Here are Scenarios and sources of the injustice in the Criminal Justice system in the USA.
The US has the most people incarcerated of any country in the world… Even though we only have 4.3% of the world’s population, we have more inmates — 2.2 million — than China (1.5m) and India (0.3m), combined (36.4% of world population)! We have 23% of China’s population but 40% more incarcerated. We have almost 1% of our population (0.737%) incarcerated! We have 6 times higher incarceration rate than China, 12 times higher that Japan, and 24 times the rates in India and Nigeria. That’s right, an American has a 1,200% greater chance of being incarcerated than a Japanese citizen. We have even a 20% higher incarceration rate than Russia with 0.615% of their population in (Siberian) prisons and jails.
I know what you’re thinking, Americans must be more criminally inclined than any other country in the universe. And, no, it is not those *bleeping* Mexicans. The evidence shows that the Mexicans (legal or otherwise) cause less crimes than the typical “American”, plus crimes involving illegal Mexicans are far more likely to go unreported.
So now, I’m at a loss. Where did the criminal genes come from? You can’t really blame the American Indians.
Some of the ugly mechanisms and profits in the prison system are summarized nicely here in ATTN by Ashley Nicole Black, Who Profits from Prisons (Feb, 2015).
“There are currently [2.2 million] American in prisons. This number has grown by 500 percent in the past 30 years. While the United States has only [4.3] percent of the world’s population, it holds 25 percent of the world’s total prisoners. In 2012, one in every 108 adults was in prison or in jail, and one in 28 children in the U.S. had a parent behind bars.”
For years I heard stats that half of the people in prison in the USA were for non-violent (no weapon) drug offenses. That’s insane. It seems like the wrong people are institutionalized here. With the legalization of marijuana in many states these incarceration rates should be reducing (improving). July 2018 shows 46% of US inmates are for drug offenses: https://www.bop.gov/about/statistics/statistics_inmate_offenses.jsp
Okay, so what does that have to do with scenarios and scenario planning? What would be some of the scenarios that might lead to something more sane in terms of our incarceration rates. One approach would be to focus on those deflection points that might result in a lower level of criminals (criminal activity). Just one would be a new approach related to the prohibition of marijuana. As we learned from alcohol, prohibition doesn’t work. But there are several other ways to provide a mechanism for less criminal activity and/or less people incarcerated and/or less people incarcerated for so long. We’ll talk about two of our favorites at a later time: education and community engagement/involvement. (The Broken Window concept of fixing up the community and more local engagement is very intriguing. See article by Eric Klinenberg here.)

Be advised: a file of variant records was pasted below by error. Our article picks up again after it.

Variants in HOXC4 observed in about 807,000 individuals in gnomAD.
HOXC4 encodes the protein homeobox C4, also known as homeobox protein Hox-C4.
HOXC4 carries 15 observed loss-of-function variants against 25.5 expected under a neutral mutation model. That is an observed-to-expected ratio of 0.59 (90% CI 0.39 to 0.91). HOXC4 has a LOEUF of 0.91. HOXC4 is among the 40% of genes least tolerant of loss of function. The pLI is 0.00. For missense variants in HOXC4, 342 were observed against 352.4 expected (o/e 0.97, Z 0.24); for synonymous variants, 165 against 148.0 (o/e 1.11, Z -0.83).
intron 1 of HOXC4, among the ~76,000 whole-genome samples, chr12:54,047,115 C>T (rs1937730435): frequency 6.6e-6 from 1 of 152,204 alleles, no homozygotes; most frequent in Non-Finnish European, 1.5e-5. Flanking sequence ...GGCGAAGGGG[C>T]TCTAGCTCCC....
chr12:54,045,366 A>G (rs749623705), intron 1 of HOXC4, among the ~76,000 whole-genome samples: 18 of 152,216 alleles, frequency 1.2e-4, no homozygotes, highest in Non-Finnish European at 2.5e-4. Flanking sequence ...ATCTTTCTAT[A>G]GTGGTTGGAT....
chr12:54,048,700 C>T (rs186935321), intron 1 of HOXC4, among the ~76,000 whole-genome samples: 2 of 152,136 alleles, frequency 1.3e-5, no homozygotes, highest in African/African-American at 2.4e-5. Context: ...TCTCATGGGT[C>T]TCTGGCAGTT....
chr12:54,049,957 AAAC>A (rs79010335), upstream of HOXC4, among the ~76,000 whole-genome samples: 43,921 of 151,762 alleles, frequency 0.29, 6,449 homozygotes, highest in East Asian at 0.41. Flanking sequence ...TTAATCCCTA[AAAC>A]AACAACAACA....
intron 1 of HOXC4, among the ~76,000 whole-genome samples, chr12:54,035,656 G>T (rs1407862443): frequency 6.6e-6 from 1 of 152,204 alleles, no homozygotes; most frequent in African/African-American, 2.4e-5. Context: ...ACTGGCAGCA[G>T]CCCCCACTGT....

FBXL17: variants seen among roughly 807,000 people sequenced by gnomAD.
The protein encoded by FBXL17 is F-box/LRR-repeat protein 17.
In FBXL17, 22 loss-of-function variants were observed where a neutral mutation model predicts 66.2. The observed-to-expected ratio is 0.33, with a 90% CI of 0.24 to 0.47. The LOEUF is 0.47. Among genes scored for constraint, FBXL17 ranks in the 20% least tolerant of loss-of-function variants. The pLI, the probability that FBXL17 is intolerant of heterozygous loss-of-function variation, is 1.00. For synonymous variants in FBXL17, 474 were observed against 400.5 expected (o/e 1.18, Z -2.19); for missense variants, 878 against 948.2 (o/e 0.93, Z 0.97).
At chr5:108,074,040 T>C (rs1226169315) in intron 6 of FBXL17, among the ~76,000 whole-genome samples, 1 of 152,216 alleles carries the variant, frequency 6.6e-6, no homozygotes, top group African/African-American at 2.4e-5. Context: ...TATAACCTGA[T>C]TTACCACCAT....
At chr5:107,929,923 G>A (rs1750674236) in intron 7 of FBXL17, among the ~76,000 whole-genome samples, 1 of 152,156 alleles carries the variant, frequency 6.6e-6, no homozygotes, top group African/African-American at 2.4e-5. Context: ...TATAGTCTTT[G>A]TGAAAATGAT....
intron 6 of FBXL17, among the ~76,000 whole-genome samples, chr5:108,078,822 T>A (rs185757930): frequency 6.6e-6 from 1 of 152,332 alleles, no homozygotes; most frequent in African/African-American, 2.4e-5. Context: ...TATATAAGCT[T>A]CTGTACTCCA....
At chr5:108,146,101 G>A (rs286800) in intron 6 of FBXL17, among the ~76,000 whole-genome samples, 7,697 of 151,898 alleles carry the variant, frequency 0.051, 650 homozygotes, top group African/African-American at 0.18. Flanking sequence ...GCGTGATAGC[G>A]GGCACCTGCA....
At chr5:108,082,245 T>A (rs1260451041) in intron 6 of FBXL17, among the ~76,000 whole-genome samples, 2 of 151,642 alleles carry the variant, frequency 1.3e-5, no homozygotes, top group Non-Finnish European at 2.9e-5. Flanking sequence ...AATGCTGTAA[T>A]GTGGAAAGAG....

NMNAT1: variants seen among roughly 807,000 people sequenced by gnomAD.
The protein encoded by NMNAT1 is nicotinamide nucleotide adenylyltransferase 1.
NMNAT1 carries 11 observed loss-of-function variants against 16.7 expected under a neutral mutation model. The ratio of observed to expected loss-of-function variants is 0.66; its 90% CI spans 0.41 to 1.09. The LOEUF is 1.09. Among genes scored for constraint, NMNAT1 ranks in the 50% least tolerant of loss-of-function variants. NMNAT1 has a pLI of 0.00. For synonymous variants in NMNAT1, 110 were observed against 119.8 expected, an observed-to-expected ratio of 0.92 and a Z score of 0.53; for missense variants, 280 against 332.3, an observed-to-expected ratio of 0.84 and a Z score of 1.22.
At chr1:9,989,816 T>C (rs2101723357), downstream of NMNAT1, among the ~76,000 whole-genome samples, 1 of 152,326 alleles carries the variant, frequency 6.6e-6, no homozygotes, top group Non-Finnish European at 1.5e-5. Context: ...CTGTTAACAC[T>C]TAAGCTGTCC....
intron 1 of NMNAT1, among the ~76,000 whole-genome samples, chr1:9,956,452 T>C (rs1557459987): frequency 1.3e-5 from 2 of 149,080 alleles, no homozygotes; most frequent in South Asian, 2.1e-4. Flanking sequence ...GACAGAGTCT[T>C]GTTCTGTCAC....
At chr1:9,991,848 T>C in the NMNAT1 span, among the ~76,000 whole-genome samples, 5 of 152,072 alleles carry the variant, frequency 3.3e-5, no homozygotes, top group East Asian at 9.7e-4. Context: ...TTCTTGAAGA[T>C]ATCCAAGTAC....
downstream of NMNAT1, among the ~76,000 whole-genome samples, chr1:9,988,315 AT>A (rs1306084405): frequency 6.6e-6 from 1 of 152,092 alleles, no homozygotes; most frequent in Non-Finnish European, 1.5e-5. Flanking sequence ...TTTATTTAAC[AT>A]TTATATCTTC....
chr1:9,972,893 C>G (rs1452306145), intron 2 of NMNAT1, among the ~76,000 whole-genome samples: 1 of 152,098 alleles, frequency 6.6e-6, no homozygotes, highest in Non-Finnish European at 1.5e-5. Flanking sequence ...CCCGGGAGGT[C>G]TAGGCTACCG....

The big thing that escalated US incarceration rates was a get-tough-on-crime movement that began during the Nixon “I’m-not-a-crook” era. Part of this was obviously to have some tools to go after the hippies and the protesters. Tough on crime with mandatory sentences, lots of drug laws, and 3-strike laws came into being. Not to be outdone, as the toughest on crime, the 3-strikes moved to 2-strikes to, essentially 1-stike. As we filled up the prisons, we had to build more.
One current trend that should increase incarceration is the current epidemic of opioid-ish drug overdoses. Most forces, however, seem to be pushing toward reductions in incarceration.
Various scenarios should lead to a significant reduction in incarceration rates. The resulting scenario of low incarceration should have several ramifications. If you are in the business of incarceration, then business should – ideally – get worse and worse. Geo and Corrections Corp of America (now CoreCivic) should expect their business to drop off precipitously. Plus, there seem to be several movements away from private (or publicly traded) companies back toward government run prisons because private has been shown to be less effective — even if cheaper on the inmate-year bases.
Here’s a discussion of the business of incarceration. Note that the “costs” of incarceration are far, far more than the $50,000+/- it costs per year per inmate. Plus, having more people as productive members of society has them working (income and GDP) and paying taxes, not a dead weight on society.
Do you think that the relaxation of marijuana laws might be a “Sign Post” (in scenario terms) that indicates a rapid drop in prison population? Also, super full employment, might be a solution all by itself. People, especially kids, who can get jobs and do something more productive, may be less inclined to get into drugs and mischief? There’s no reason why the Sign Post need to be only one, or even two signs. In fact, the crime system is just a sub-system of an economy. Multiple reinforcing systems can be really powerful.
If we do take other approaches to the incarceration system, what would those approaches be? And who (what businesses/industries) would benefit most?
What do you think? Is it time to get out of the criminal (in)justice system?
Half of the world’s incarcerated are in the US, China and Russia: http://news.bbc.co.uk/2/shared/spl/hi/uk/06/prisons/html/nn2page1.stm
Incarceration Rates: https://www.prisonpolicy.org/global/2018.html
US Against the world: https://www.statista.com/statistics/300986/incarceration-rates-in-oecd-countries/
New Yorker Article in Sept 2016 by Eric Markowitz, Making Profits on the Captive Prison Market.
How for-profit prisons have become the biggest lobby no one is talking about, by Michael Cohen in 2015.
Follow the money, in 2017, with a great infographic as to where all the prison moneys go.
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